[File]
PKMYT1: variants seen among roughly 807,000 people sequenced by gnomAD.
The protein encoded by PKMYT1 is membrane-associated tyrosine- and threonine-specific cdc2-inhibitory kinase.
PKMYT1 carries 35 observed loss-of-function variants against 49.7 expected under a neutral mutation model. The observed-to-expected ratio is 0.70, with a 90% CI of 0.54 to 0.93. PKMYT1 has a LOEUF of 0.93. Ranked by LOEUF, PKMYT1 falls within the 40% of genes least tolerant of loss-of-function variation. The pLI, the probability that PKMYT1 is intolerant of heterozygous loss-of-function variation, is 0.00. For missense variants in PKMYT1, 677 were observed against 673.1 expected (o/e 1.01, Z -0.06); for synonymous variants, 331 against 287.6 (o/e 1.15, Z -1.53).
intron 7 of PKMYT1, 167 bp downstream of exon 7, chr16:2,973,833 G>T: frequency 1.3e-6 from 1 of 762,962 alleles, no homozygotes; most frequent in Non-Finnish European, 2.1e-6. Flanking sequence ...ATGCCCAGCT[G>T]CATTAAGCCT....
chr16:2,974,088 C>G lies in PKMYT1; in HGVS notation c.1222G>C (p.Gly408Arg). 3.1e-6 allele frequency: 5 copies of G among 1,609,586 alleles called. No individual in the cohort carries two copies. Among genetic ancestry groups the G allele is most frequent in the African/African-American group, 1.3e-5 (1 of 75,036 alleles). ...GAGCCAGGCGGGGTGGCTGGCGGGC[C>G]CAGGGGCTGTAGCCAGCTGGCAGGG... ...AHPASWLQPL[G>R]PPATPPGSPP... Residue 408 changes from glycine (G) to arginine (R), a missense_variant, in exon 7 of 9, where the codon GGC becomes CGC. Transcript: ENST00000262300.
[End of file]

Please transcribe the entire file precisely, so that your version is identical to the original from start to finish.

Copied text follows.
PKMYT1: variants seen among roughly 807,000 people sequenced by gnomAD.
The protein encoded by PKMYT1 is membrane-associated tyrosine- and threonine-specific cdc2-inhibitory kinase.
PKMYT1 carries 35 observed loss-of-function variants against 49.7 expected under a neutral mutation model. The observed-to-expected ratio is 0.70, with a 90% CI of 0.54 to 0.93. PKMYT1 has a LOEUF of 0.93. Ranked by LOEUF, PKMYT1 falls within the 40% of genes least tolerant of loss-of-function variation. The pLI, the probability that PKMYT1 is intolerant of heterozygous loss-of-function variation, is 0.00. For missense variants in PKMYT1, 677 were observed against 673.1 expected (o/e 1.01, Z -0.06); for synonymous variants, 331 against 287.6 (o/e 1.15, Z -1.53).
intron 7 of PKMYT1, 167 bp downstream of exon 7, chr16:2,973,833 G>T: frequency 1.3e-6 from 1 of 762,962 alleles, no homozygotes; most frequent in Non-Finnish European, 2.1e-6. Flanking sequence ...ATGCCCAGCT[G>T]CATTAAGCCT....
chr16:2,974,088 C>G lies in PKMYT1; in HGVS notation c.1222G>C (p.Gly408Arg). 3.1e-6 allele frequency: 5 copies of G among 1,609,586 alleles called. No individual in the cohort carries two copies. Among genetic ancestry groups the G allele is most frequent in the African/African-American group, 1.3e-5 (1 of 75,036 alleles). ...GAGCCAGGCGGGGTGGCTGGCGGGC[C>G]CAGGGGCTGTAGCCAGCTGGCAGGG... ...AHPASWLQPL[G>R]PPATPPGSPP... Residue 408 changes from glycine (G) to arginine (R), a missense_variant, in exon 7 of 9, where the codon GGC becomes CGC. Transcript: ENST00000262300.